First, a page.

introvert


Also found in: Dictionary, Thesaurus, Encyclopedia, Wikipedia.

introvert

 [in´tro-vert]
1. a person whose interest is turned inward to the self.
2. to turn one's interest inward to the self.
3. a structure that can be turned or drawn inwards.
4. to turn a part or organ inward upon itself.
Miller-Keane Encyclopedia and Dictionary of Medicine, Nursing, and Allied Health, Seventh Edition. © 2003 by Saunders, an imprint of Elsevier, Inc. All rights reserved.

in·tro·vert

(in'trō-vert),
1. One who tends to be unusually shy, introspective, self-centered, and avoids becoming concerned with or involved in the affairs of others. Compare: extrovert.
2. To turn a structure into itself, to invert.
Farlex Partner Medical Dictionary © Farlex 2012

introvert

(ĭn′trə-vûrt′, ĭn′trə-vûrt′)
tr.v. intro·verted, intro·verting, intro·verts
1. To turn or direct inward.
2. Psychology To concentrate (one's interests) upon oneself.
3. Medicine To turn (a tubular organ or part) inward upon itself.
n. (ĭn′trə-vûrt′)
1. Psychology An introverted person.
2. Medicine An anatomical structure that is capable of being introverted.
The American Heritage® Medical Dictionary Copyright © 2007, 2004 by Houghton Mifflin Company. Published by Houghton Mifflin Company. All rights reserved.

introvert

Psychiatry A person who is introspective, self-conscious, often meticulous, a poor social mixer, who takes criticism too seriously. Cf Extrovert.
McGraw-Hill Concise Dictionary of Modern Medicine. © 2002 by The McGraw-Hill Companies, Inc.

in·tro·vert

(intrō-vĕrt)
1. One who tends to be unusually shy, introspective, self-centered, and avoids becoming concerned with or involved in the affairs of others.
Compare: extrovert
2. To turn a structure into itself.
Medical Dictionary for the Health Professions and Nursing © Farlex 2012

introvert

A person whose tendency of mind is to look inwards, to contemplate his or her own thoughts, feelings and emotions rather than to seek social intercourse. The introvert is often OBSESSIVE, anxious, HYPOCHONDRIACAL and solitary, more concerned with thought than with action. Compare EXTROVERT.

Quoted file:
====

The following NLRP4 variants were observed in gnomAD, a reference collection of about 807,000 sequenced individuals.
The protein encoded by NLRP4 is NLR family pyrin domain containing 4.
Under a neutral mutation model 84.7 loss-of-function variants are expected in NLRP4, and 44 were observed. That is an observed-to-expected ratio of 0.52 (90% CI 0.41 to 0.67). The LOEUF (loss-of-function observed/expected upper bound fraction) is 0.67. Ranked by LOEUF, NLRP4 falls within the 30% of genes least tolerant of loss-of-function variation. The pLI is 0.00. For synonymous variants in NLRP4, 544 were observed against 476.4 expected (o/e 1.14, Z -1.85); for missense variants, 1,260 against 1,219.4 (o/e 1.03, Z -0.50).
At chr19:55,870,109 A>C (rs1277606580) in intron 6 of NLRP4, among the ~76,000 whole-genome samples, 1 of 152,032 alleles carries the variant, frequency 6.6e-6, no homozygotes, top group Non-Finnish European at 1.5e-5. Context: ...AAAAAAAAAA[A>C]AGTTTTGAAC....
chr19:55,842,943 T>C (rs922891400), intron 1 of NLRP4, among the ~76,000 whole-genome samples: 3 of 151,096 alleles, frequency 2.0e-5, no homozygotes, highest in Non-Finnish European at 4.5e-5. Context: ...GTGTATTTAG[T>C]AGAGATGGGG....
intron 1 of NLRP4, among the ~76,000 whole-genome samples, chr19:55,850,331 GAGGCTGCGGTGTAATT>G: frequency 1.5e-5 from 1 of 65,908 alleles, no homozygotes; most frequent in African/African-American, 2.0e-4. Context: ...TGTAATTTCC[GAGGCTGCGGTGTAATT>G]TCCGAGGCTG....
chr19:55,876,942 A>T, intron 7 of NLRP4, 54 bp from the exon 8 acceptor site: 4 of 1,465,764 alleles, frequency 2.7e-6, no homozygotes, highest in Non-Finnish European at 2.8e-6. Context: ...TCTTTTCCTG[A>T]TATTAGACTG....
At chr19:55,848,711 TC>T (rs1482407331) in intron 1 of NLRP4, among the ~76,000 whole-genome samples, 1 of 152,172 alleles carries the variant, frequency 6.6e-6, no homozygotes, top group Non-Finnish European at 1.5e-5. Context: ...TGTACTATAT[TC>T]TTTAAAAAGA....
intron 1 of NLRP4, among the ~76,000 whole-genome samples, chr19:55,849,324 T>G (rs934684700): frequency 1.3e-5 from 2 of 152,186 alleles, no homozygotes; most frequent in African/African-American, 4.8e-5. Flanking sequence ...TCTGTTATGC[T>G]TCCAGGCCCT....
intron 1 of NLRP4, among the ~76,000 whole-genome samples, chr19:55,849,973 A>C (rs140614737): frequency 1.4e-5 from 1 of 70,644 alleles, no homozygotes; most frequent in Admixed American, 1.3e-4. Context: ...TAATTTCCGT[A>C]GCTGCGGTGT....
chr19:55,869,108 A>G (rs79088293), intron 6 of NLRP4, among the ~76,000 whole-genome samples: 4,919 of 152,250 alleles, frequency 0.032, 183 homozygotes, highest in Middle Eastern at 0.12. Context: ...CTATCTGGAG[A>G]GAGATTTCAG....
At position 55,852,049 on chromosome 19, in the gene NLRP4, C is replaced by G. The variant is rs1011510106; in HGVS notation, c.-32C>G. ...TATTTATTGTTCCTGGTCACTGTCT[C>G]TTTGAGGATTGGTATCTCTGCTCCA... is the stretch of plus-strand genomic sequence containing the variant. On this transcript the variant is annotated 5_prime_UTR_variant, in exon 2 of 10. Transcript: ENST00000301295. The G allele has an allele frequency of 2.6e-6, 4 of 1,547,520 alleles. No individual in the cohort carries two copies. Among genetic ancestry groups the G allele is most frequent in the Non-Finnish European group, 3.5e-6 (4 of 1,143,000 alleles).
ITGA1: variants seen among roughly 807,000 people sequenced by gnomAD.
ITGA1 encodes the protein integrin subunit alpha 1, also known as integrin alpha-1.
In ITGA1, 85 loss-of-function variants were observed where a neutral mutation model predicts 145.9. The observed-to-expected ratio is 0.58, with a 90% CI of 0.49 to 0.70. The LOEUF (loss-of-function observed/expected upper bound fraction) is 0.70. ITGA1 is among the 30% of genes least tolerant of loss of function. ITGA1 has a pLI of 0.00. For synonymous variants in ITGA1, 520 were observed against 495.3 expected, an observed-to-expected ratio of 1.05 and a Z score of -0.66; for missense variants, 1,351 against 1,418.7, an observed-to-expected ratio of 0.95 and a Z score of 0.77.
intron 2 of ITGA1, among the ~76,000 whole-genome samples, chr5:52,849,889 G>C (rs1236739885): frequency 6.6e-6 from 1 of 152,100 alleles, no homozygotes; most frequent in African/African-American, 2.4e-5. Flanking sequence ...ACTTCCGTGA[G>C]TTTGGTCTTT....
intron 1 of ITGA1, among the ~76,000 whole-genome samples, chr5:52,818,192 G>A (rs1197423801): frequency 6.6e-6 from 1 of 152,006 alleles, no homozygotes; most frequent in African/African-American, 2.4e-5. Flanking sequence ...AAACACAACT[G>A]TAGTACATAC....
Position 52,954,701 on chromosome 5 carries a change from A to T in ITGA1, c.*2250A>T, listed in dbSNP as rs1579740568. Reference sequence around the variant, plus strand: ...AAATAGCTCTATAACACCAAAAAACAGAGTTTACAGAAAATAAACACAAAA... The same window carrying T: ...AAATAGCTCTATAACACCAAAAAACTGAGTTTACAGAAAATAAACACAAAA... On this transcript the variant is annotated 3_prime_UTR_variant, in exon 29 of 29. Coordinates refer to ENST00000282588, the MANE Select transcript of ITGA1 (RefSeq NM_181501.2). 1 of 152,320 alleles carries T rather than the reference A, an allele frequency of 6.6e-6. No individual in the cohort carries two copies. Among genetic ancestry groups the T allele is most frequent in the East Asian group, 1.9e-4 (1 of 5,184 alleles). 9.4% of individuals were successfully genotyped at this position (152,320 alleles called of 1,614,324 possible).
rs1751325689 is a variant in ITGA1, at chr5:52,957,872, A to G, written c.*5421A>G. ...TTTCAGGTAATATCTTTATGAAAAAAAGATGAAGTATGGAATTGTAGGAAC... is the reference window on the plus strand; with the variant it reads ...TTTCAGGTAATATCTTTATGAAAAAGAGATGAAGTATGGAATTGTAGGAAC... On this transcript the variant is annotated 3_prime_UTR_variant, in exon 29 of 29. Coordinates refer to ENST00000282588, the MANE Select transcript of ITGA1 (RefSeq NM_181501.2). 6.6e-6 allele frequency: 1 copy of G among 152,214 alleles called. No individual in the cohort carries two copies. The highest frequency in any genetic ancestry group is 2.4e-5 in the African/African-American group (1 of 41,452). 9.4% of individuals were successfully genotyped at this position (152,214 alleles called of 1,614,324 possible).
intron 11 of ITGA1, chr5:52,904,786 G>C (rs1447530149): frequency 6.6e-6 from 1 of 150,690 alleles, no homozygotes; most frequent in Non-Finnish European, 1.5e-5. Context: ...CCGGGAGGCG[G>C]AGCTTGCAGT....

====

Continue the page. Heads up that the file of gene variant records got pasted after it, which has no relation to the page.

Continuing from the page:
Collins Dictionary of Medicine © Robert M. Youngson 2004, 2005
References in periodicals archive ?
INTROVERT MAMA PROBLEM: Overstimulation makes you feel anxious and distracted.
Inevitably there will still be introverts who find themselves too shy to network in the same manner as their peers.
For introverts like Dan Kleinow, who vlogs at the YouTube channel Envision Adventure, working at a hostel can get crowded.
[9] In the Extrovert and Introvert dimension Blood Group A and AB showed same pattern, whereas Blood Groups B and O showed almost similar pattern [Table-4].
They are 17.7 per cent more likely to feel satisfied with their level of energy during waking hours than introverts.
According to psychological type theory, a church shaped by extraverts would give greater emphasis to social activities than a church shaped by introverts, while a church shaped by introverts would give greater opportunities for quiet and reflection, than a church shaped by extraverts.
Each area comprises two opposites which makes 16 different personality styles based on the variations in the personality preferences.10 The results of the current study showed that approximately half of the students were extroverted and half were introverted. In extroverts, the major identified types were extroverted-sensing-feeling-perceptive (ESFP), extroverted-sensing-thinking-judging (ESTJ), extroverted-intuitive-feeling-perceptive (ENFP) and extroverted-sensing-feeling-judging (ESFJ).
It was only few days back that I was proffesionaly reproached for being an introvert and for not letting people know what I think.
But they wanted Introvert Dreams to be more than just a coloring book.
I like my introversion--like many introverts, I'm happy by myself or with a small group of close friends.
A self-described introvert, Yeager was hesitant to speak to state lawmakers at first, so she began by meeting with her city council.